One of the largest rivers in the state, the Kootenai River flows into Idaho’s northern tip from Montana, through Bonners Ferry and then exits the state on our northern border with Canada. Idaho’s 66 river miles consist of a wide, slow-moving 47-mile section from Porthill to Bonners Ferry and 19 canyon miles upstream from Bonners Ferry to Montana. Anglers can find rainbow trout, cutthroat trout, bull trout, brook trout and mountain whitefish. About 20 miles east into Montana is the Kootenai Falls, one of the largest undammed waterfalls in the Northwest.
Parks, beaches and trails: The Kootenai is relatively inaccessible – making it a delightful destination for anglers or boaters who want to get off the beaten path. In Bonners Ferry there are public boat docks and a boat ramp. Just a few miles downstream from the town is the Kootenai National Wildlife Refuge, with an auto tour route and paths in the refuge alongside the river. In the town of Moyie Springs, 8 miles upstream, is the best river access at the Twin Rivers Resort, located at the confluence with the Moyie River and now operated by the Kootenai Tribe with a new and ambitious sturgeon and burbot fishery. The resort offers camping, picnicking, swimming and just lounging.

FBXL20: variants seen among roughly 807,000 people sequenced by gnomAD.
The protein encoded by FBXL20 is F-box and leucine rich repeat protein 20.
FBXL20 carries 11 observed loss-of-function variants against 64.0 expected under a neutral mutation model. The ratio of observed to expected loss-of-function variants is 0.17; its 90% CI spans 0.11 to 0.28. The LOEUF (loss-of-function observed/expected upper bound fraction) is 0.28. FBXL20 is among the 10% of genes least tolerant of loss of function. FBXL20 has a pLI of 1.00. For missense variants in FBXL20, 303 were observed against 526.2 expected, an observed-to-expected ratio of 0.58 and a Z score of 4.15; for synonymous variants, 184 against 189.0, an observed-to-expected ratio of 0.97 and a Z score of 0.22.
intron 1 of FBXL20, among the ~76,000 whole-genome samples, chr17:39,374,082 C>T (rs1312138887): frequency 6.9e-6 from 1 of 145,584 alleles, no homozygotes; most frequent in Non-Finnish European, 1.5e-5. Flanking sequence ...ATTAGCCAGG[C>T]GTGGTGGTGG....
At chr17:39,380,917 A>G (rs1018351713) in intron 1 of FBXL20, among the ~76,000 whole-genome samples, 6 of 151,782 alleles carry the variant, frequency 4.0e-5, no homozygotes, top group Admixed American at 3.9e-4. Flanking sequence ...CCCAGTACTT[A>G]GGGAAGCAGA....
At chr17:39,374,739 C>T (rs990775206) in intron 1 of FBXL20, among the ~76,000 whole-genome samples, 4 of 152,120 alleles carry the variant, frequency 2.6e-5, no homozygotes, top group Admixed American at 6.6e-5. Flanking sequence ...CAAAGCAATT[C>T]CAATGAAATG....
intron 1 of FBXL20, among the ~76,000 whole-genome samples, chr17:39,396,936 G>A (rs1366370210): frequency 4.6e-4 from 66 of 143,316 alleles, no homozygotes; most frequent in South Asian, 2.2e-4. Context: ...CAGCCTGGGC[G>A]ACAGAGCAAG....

Boating: The river is navigable by motorboats along its length in Idaho. Downstream of Bonners Ferry the river meanders through the Kootenai Valley; most of the boating action is upstream in the scenic canyon. Rafters, canoeists and kayakers like this stretch; there’s no whitewater but advanced skills are advisable because the water is swift. River levels are controlled by the Libby Dam upstream in Montana, so boaters should be alert that river levels can rise or lower quickly.
Wildlife: The river canyon provides a year round home to white tail deer with frequent visits by mule deer, elk, and moose. The Kootenai National Wildlife Refuge is a splendid destination for wildlife lovers, where literally thousands of migratory water fowl can be spotted in season as well as upland game birds, hundreds of song birds and other wildlife.
Fishing: The Kootenai is notable for two fisheries of rare species, the white sturgeon and native Kootenai River burbot. The Kootenai Tribe has built a newly opened hatcher at Twin Rivers in the effort to restore these rare fish. For game fishermen, though the river provides good cutthroat and rainbow trout fishing as well as mountain whitefish and other species.